Raising the bar?
When did homework become a plague? Few people, students or parents alike, relish the thought of facing hours of math, science and language each evening.
Homework, and how much or how little students are assigned, has been a contentious issue for some time. It’s not that most parents are up on the latest studies which might suggest homework has no inherent value in the education of their children, it’s more likely the case they are finding it difficult to balance homework with the day-to-day demands of their job and extracurricular activities. So what’s the answer? Complain to the school board who then implements a new policy limiting the amount of afterschool work students can be assigned.
That’s what happened last month when the Eastern School District unveiled its new homework policy.
According to media reports, the policy was partly the result of complaints from some parents that children were being over-worked after school hours. There was also the issue of homework being assigned during holidays. The Eastern School District’s Director of Education, Darrin Pike, says the policy was developed after a consultation process.
The new guidelines dictate 10 minutes of homework for Kindergarten students, 30 minutes for primary, 40 for elementary, one hour for intermediate students, and one to two hours of work for high school students.
It’s surprisingly similar to a recent homework policy adopted by the Toronto District School Board.
That policy abolished home- work altogether for Kindergarten, reduced homework for all grades and banned the assignment of homework the day before a holiday.
According to a report, the policy stresses homework which reinforces what has been learned rather than introducing new information.
One official has suggested the policy encourages reading and even cooking diner with parents instead.
That is something of a stretch and wishful thinking at best.
While some parents will spend the “non-homework” time with their children and use it in a constructive manner, the majority won’t and the kids will simply spend more time in front of their screen of choice - TV, computer, video game etc.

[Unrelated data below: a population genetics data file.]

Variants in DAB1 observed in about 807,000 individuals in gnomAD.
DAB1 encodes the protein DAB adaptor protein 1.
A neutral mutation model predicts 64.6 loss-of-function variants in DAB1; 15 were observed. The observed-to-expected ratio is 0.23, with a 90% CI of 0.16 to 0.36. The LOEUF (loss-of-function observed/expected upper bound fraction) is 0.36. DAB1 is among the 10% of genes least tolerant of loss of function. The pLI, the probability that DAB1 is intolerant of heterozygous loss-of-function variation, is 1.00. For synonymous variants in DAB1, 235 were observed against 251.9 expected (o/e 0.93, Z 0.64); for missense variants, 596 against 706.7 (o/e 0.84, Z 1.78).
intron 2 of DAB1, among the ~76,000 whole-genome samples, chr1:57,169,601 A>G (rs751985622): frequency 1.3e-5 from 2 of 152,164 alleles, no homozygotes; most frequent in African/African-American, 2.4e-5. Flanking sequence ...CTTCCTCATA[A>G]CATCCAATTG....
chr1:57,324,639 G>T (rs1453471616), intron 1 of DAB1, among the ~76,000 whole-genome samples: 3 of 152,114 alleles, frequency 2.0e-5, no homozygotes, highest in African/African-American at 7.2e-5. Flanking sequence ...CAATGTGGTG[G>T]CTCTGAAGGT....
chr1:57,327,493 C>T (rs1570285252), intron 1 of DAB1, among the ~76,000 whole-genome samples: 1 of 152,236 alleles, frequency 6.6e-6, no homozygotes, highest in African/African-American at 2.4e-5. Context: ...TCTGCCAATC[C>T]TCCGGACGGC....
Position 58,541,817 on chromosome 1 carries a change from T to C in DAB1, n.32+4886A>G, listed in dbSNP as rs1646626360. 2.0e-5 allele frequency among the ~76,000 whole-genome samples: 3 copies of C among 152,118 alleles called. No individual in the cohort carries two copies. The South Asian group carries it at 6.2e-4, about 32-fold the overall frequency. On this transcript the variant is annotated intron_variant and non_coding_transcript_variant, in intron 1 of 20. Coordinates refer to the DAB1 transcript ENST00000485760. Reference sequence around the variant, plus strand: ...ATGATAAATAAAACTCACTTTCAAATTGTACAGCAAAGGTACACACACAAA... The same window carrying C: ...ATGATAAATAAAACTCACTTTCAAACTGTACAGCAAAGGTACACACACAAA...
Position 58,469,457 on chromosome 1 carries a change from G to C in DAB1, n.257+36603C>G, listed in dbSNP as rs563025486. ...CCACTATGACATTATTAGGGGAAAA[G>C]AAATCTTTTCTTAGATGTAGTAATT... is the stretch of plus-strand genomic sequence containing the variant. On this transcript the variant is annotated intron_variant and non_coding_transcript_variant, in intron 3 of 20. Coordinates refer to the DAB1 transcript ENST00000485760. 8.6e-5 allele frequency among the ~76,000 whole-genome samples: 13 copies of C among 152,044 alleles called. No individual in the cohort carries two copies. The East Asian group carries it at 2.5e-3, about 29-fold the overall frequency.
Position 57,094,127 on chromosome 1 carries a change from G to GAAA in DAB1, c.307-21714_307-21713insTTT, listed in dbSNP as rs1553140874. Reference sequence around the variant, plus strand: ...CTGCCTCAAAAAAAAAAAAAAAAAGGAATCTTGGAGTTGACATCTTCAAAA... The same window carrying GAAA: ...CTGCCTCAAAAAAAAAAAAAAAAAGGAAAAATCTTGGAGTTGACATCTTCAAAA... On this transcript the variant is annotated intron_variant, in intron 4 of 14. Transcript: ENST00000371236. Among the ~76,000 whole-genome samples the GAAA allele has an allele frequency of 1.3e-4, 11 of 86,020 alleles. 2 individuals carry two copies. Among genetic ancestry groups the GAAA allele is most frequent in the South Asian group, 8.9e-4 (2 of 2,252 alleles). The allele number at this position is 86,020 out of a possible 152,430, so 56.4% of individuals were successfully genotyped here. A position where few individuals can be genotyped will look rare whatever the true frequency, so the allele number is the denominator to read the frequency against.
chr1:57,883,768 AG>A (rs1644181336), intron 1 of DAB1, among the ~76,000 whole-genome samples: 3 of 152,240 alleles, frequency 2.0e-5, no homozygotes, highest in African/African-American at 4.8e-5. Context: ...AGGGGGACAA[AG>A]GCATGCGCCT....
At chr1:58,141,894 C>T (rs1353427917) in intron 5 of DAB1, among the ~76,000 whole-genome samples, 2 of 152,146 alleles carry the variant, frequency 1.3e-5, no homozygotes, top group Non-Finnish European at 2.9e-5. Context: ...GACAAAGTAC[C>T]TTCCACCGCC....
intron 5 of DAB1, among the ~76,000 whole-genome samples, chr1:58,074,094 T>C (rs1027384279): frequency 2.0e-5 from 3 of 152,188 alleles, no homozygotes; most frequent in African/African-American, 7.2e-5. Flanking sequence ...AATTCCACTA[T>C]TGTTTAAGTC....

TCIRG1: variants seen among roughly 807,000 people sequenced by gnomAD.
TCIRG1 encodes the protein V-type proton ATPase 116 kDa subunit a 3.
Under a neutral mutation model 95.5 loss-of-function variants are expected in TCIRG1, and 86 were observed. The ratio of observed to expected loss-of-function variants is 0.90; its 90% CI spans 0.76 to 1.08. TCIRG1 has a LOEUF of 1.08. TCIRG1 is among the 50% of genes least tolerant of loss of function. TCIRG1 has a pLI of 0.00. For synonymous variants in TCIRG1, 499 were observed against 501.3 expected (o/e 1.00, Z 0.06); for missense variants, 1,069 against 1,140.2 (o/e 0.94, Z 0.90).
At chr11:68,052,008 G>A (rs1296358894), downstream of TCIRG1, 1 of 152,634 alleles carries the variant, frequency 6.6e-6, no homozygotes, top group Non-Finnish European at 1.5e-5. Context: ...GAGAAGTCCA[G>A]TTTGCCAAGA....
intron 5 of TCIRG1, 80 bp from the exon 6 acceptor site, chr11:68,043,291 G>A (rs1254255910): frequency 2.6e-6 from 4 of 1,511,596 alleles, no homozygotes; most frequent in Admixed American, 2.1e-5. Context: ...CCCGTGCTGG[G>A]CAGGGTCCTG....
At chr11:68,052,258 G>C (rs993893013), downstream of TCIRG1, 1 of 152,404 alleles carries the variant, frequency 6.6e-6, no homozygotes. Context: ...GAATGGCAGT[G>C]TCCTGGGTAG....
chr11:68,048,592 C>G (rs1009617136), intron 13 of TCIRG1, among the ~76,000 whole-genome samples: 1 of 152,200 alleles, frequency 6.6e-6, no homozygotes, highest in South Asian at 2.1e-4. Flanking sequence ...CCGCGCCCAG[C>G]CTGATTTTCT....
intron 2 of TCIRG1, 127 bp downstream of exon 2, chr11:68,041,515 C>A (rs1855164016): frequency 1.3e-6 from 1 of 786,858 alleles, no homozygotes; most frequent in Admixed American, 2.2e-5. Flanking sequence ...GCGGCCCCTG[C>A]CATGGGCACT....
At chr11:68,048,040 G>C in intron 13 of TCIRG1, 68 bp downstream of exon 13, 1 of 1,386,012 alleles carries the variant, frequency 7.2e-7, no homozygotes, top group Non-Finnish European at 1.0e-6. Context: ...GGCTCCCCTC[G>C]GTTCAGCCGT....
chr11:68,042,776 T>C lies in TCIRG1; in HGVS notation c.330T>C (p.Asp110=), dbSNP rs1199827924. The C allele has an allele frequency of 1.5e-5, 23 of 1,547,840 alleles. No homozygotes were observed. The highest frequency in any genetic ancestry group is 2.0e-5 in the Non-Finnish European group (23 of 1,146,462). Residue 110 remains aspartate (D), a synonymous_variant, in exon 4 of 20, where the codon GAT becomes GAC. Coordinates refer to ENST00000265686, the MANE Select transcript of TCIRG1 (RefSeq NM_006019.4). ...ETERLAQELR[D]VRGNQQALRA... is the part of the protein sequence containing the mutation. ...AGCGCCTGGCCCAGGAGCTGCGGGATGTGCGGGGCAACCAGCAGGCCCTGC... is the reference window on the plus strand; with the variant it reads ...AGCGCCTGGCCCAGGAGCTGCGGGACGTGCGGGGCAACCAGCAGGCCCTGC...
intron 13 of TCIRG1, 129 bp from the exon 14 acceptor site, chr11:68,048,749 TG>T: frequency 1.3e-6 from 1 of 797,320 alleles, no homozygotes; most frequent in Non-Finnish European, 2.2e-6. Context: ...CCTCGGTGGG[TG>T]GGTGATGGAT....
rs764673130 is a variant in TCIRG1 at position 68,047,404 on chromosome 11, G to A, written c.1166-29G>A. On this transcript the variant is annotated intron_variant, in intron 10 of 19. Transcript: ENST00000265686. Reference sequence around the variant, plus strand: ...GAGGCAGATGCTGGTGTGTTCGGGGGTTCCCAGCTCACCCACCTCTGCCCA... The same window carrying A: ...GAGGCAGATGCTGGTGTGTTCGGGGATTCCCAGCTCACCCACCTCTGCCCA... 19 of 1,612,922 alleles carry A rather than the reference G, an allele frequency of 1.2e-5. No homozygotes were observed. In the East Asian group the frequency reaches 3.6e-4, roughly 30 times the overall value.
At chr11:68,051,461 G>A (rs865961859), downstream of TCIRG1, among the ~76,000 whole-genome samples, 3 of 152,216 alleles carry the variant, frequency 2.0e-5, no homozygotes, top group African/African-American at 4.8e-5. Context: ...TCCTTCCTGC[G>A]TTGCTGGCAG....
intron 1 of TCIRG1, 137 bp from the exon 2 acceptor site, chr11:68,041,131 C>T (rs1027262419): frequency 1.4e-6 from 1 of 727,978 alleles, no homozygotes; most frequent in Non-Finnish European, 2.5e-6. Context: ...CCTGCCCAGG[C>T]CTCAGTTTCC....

But there are two sides to any issue and homework is no different. There are those who see its benefits while there are others who would like it relegated to history along with the ribbon typewriter and black and white television.
And each side has legitimate arguments. For example, one has to question the value of hours of excessive amounts of homework for fourth and fifth graders. Is that much homework really having any benefit on the child’s education or is it simply contributing to burnout?
In the meantime homework does have inherent benefits. Those benefits go beyond the subject the child is studying. Homework is a part of a larger life lesson that builds the foundation of responsibility, discipline, meeting deadlines etc. By telling students homework is not a valued part of their day, are we are setting them up for future failure?
What would happen if there was a complete ban on homework in the primary and elementary grades? Would those children be lost when they hit the intermediate and high school grades and simply had no notion on how to study? And what would those same students do in a post-secondary setting where the work done in the classroom is merely a fraction of what is required?
It also begs the question, what was the impetus for this policy? How much was based on solid analytical data and how much was a knee-jerk reaction to complaints from parents?
The inherent problem with this homework policy is the attempt to set time limits.
School board officials need a subtle reminder that children are not spit out of the cookie cutter. Each child is an individual and has individual needs.
What takes one child 10 minutes to complete will take another 20.
What educators should be focusing on instead is not doing away with homework but investigating how to use homework to build on the strengths of the education system. Homework can give parents an avenue to play an active role in their child’s education.
And children also have to take some responsibility for their own education and learn how to study on their own. It’s part of growing up.
The most successful countries in terms of reading, science and mathematics are Singapore, Japan, and China, where kids are sent home with hours of homework.
Why is it that Canadian society appears to have an intense aversion to hard work?
When a problem is identified why not find a solution that builds students up rather than simply lowering the bar. It’s that easy way out which brought us “ new math.”
Perhaps each and every school district in Newfoundland and Labrador should adopt a new policy to stop capitulating to every complaint a parent may have and stop conjuring up policies that appear to have no positive impact on education.
We owe it to our children to give them the best education possible, if that includes homework, so be it.
Kirk Squires is a freelance writer living in Shoal Harbour.